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The Life and Afterlives of Captain Hedley Vicars: Evangelical Biography and the Crimean War

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Journal19: Interdisciplinary Studies in the Long Nineteenth Century
DateE-pub ahead of print - 13 May 2015
DatePublished (current) - 2015
Volume20
Number of pages20
Early online date13/05/15
Original languageEnglish

Abstract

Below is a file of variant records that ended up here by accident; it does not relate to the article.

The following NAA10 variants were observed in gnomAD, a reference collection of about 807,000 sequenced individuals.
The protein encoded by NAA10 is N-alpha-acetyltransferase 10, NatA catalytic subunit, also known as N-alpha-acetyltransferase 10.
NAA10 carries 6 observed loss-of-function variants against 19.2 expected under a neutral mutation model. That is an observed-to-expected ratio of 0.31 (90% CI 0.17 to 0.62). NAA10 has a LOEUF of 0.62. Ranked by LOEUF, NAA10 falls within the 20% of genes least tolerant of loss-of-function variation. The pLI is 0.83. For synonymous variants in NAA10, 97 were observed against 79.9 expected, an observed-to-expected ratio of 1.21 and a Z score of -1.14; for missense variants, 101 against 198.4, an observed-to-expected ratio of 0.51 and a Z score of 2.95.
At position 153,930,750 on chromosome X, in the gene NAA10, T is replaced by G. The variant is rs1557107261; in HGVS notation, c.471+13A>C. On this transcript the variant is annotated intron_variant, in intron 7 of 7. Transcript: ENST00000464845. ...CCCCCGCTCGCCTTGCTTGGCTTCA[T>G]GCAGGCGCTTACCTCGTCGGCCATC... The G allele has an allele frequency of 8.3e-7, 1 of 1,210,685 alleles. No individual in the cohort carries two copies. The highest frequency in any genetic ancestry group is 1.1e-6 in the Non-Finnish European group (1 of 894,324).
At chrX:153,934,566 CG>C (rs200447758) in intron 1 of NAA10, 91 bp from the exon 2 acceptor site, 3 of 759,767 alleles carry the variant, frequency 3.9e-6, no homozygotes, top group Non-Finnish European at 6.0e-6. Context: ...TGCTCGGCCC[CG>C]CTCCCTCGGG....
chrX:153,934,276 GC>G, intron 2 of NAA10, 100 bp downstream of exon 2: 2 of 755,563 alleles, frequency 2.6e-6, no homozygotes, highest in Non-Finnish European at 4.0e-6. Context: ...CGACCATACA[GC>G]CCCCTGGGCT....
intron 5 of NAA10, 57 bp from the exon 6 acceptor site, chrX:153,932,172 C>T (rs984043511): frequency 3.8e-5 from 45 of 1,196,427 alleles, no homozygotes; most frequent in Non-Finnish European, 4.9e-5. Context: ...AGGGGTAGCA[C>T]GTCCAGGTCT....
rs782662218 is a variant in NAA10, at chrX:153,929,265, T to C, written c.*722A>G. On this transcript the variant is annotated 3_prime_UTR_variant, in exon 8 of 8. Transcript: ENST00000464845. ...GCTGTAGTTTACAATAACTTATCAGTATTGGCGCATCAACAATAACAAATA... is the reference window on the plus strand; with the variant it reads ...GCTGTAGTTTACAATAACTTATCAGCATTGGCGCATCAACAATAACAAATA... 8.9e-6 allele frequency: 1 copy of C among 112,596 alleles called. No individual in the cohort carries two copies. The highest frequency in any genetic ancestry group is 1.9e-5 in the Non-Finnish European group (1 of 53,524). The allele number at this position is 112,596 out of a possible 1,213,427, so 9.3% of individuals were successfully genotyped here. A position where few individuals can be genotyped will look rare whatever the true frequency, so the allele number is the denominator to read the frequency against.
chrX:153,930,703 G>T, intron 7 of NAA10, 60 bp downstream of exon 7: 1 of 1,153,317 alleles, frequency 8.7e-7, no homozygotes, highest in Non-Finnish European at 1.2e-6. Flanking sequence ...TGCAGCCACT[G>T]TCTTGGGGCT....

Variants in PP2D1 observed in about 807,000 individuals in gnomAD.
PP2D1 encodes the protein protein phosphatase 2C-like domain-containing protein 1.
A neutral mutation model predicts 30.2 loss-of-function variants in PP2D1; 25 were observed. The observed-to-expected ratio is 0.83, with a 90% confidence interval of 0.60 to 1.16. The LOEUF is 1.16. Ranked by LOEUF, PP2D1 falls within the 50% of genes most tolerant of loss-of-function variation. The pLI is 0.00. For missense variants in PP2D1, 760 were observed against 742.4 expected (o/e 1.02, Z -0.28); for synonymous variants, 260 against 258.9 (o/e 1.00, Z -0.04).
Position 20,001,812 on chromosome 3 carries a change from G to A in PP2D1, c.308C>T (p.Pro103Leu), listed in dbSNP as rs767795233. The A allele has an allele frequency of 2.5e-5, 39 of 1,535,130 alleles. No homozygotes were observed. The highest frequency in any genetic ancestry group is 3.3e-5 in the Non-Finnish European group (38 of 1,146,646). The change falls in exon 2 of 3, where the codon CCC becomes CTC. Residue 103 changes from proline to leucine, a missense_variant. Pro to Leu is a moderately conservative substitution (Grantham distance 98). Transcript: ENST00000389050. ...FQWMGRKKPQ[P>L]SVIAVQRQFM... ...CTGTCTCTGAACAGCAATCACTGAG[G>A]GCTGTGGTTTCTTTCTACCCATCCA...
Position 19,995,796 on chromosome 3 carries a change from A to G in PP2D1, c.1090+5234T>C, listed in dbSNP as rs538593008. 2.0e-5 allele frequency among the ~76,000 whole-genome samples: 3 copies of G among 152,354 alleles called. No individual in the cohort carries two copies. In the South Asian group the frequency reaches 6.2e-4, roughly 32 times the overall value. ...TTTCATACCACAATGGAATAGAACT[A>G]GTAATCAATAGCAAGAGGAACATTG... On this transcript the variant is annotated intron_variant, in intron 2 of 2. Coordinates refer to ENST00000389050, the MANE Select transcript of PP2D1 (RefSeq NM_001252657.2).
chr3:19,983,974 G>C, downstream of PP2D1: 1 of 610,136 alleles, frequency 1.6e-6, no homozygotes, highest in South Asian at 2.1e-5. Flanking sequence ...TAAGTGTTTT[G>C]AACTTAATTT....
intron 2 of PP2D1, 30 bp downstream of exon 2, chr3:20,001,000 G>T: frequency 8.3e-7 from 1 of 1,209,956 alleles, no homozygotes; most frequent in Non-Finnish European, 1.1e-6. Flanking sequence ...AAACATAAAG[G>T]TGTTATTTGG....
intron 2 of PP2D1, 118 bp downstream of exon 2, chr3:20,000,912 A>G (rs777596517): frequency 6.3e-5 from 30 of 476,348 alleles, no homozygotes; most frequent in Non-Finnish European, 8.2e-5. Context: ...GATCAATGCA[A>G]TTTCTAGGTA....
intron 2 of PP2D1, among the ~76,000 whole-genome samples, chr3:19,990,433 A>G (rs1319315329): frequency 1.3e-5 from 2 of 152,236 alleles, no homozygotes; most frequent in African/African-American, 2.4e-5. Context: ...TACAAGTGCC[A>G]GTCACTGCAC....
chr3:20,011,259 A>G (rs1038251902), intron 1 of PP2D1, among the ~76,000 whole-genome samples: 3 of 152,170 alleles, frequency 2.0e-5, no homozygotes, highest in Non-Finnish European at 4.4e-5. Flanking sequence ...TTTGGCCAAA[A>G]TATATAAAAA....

This article argues that one of the most influential responses to the Crimean War, and indeed one of the most widely known books of the mid-century, was the work of a woman: the middle-class evangelical Miss Catherine Marsh’s biography of her friend Captain Hedley Vicars. In this book (first published in December 1855), she forged an image of Crimean heroism compatible with Christian piety and good works, and in doing so provided a valued point of connection and identification for many combatant and non-combatant readers. This article explores the ways in which Marsh drew on the resources of memoir and memorial, as well as on the immediacy of war correspondence and the flexibility of print culture, to celebrate a militarized Christianity and a Christian military. A text combining soldierly masculinity with evangelical expressiveness was, however, open to multiple reappropriations and interpretations. As the article goes on to explore, some responses to the Memorials of Captain Hedley Vicars of the 97th were straightforwardly affirmative; others sceptical, ambivalent, or even subversive.

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